1914 Presidential Election, Utah, Republican


Traveling on a special passenger train from Salt Lake City to Los Angeles, Utah governor William Spry waxed uncharacteristically eloquent with the reporters who hounded him for his insights on the 1914 congressional elections. Sent by the roundly Republican newspaper the Los Angeles Times, the reporters were looking to see how the dust had settled after the humiliating Republican losses two years earlier in 1912. Democrat Woodrow Wilson won a resounding victory that year, while Theodore Roosevelc's Progressive Parry won eighry-eight electoral votes, and the incumbent president William Howard Taft limped away with a meager eight electoral votes. Considering chose facts, the Times reporters paid careful attention to what the Republican governor had to say:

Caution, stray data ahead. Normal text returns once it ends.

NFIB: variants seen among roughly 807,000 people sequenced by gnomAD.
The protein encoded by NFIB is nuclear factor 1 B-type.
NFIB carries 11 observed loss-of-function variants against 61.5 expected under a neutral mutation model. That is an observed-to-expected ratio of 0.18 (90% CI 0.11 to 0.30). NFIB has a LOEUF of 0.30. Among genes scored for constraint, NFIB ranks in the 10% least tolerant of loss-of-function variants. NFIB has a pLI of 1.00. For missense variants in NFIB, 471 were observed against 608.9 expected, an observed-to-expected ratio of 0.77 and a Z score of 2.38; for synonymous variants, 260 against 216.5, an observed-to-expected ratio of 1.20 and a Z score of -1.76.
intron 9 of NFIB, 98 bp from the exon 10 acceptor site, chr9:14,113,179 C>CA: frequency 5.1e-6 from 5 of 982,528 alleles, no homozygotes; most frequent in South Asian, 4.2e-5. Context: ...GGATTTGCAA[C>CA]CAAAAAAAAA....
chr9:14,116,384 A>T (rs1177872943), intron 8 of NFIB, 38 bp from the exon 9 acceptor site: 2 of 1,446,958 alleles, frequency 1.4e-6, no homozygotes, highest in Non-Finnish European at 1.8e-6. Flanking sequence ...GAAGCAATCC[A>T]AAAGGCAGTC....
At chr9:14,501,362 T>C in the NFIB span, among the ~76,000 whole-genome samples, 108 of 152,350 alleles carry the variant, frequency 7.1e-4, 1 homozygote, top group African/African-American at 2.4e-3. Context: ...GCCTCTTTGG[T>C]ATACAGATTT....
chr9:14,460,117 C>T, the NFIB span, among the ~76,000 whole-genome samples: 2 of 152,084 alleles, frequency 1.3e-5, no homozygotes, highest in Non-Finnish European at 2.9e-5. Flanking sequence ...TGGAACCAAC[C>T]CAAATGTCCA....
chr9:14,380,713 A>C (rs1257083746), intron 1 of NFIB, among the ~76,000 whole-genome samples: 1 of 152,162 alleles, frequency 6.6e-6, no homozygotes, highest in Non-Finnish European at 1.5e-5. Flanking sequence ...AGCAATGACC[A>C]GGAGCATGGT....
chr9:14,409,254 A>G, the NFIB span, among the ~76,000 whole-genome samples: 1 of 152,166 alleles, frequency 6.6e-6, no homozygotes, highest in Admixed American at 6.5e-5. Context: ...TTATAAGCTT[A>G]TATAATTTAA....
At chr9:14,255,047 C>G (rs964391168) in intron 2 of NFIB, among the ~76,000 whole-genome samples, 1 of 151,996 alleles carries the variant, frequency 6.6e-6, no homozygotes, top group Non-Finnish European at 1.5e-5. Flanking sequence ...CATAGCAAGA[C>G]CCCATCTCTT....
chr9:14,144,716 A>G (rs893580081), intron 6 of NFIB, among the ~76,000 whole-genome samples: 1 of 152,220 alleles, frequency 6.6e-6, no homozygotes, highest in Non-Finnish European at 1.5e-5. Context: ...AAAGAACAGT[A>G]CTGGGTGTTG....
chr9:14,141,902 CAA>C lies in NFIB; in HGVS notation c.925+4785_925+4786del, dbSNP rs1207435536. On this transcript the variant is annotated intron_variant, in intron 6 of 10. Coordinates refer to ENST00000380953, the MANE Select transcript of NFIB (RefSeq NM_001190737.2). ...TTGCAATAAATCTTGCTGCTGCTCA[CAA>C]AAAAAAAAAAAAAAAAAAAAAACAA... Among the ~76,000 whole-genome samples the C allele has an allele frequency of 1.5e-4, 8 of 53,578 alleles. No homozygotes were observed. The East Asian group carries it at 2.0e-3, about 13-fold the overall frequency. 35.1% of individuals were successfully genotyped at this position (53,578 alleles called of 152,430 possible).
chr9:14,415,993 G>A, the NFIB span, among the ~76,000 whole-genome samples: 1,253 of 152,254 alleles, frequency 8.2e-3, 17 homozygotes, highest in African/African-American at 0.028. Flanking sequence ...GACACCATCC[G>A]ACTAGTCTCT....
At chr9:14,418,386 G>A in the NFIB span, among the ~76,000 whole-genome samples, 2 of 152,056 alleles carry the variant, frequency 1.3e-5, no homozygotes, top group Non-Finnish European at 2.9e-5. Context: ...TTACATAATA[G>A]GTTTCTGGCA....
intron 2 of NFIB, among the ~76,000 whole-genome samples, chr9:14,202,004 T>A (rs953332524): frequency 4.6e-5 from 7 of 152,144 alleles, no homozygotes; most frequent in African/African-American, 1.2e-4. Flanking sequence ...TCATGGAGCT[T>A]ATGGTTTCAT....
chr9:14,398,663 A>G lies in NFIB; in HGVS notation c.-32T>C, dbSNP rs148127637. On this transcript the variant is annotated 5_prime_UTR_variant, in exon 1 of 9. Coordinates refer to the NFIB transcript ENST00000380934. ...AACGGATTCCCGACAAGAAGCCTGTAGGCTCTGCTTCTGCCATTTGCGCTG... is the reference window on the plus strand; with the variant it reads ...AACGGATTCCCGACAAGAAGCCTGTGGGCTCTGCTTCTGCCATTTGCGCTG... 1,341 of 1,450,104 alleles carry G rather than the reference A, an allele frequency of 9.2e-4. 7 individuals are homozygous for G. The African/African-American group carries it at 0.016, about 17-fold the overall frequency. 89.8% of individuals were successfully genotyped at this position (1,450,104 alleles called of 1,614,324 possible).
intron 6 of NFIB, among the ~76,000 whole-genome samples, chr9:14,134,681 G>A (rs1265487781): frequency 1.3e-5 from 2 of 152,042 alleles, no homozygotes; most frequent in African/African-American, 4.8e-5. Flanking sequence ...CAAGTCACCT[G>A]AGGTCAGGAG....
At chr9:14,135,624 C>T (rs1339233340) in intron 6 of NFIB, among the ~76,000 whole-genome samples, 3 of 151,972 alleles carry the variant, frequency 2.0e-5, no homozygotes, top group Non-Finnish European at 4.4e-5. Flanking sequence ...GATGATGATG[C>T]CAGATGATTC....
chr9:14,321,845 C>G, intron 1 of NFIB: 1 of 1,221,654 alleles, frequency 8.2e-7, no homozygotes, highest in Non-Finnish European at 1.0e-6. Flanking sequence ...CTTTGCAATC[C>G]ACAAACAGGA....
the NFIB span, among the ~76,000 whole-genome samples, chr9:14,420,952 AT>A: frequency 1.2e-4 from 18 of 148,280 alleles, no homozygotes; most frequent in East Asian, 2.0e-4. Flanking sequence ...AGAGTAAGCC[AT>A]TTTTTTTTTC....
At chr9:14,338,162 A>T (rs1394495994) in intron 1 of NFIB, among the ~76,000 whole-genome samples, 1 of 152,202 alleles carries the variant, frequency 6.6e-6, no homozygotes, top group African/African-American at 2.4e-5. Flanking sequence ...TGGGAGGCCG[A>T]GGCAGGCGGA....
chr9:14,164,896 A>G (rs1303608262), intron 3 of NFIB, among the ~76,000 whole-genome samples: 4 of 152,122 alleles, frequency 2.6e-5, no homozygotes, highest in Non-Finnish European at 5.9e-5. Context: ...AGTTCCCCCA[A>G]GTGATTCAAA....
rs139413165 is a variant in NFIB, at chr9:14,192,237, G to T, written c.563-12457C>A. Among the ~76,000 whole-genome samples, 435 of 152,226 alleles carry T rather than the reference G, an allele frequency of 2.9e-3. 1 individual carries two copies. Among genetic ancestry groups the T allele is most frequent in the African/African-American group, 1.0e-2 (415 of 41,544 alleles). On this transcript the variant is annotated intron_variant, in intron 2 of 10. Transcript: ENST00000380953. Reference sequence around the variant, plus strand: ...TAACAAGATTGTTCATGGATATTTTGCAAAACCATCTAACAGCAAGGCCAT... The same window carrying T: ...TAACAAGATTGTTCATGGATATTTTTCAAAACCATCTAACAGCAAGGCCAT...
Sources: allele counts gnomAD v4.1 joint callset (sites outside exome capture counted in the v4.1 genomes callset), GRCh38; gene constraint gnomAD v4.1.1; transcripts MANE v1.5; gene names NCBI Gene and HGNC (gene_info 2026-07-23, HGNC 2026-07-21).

"This hysteria which helped to bring about the overthrow of the Republican parry is dissipating into a misty, musty past .... The people are returning co political sanity, having had enough of the temperate, so-called reform . . . . The third parry movement, so alluring co many only two years ago, is far down in the discard, where it belongs. Every Republican should participate in the burial. In Utah the Republican ticket will win, as it won 1912."